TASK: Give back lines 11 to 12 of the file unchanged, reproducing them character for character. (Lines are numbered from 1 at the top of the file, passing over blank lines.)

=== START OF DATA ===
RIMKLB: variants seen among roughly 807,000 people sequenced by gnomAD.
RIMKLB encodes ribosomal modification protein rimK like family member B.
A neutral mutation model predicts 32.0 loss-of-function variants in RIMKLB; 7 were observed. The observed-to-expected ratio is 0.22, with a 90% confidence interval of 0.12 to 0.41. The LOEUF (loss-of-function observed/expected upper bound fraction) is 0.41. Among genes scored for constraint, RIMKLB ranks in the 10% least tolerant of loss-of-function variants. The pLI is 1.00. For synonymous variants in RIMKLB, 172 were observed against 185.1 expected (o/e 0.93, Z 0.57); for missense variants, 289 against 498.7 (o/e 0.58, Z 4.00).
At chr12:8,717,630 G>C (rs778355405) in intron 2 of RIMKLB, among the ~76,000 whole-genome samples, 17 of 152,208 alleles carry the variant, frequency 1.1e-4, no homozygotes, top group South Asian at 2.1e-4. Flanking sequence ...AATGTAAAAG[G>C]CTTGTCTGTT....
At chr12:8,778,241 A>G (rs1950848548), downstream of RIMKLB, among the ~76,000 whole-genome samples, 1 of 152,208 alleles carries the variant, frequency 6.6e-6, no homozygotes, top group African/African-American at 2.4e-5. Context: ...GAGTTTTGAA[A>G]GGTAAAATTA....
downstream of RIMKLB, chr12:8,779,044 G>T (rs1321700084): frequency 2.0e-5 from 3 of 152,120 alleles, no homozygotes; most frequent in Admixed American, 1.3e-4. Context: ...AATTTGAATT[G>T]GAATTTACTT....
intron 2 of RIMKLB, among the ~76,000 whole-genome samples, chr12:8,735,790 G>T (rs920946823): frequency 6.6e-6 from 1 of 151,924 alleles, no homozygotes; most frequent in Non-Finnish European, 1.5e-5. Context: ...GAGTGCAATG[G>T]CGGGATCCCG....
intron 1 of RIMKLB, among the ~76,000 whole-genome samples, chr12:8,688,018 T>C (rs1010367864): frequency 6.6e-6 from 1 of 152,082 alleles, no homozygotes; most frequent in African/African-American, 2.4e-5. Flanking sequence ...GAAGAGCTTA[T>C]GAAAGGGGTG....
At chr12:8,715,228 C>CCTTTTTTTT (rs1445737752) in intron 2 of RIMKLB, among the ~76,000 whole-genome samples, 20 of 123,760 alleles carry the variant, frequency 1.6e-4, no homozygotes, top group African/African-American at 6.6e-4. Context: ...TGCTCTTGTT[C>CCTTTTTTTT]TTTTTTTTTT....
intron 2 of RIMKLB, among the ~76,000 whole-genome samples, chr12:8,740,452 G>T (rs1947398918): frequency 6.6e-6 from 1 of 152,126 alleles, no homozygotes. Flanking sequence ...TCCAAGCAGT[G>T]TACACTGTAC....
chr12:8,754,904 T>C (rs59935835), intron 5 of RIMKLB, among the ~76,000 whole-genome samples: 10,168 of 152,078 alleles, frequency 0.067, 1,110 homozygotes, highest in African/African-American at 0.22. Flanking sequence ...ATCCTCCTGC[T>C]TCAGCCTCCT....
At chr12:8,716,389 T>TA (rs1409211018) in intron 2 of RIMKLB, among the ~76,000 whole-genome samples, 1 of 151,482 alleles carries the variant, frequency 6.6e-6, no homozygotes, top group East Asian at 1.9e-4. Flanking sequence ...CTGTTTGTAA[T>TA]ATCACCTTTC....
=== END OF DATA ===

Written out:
chr12:8,754,904 T>C (rs59935835), intron 5 of RIMKLB, among the ~76,000 whole-genome samples: 10,168 of 152,078 alleles, frequency 0.067, 1,110 homozygotes, highest in African/African-American at 0.22. Flanking sequence ...ATCCTCCTGC[T>C]TCAGCCTCCT....
At chr12:8,716,389 T>TA (rs1409211018) in intron 2 of RIMKLB, among the ~76,000 whole-genome samples, 1 of 151,482 alleles carries the variant, frequency 6.6e-6, no homozygotes, top group East Asian at 1.9e-4. Flanking sequence ...CTGTTTGTAA[T>TA]ATCACCTTTC....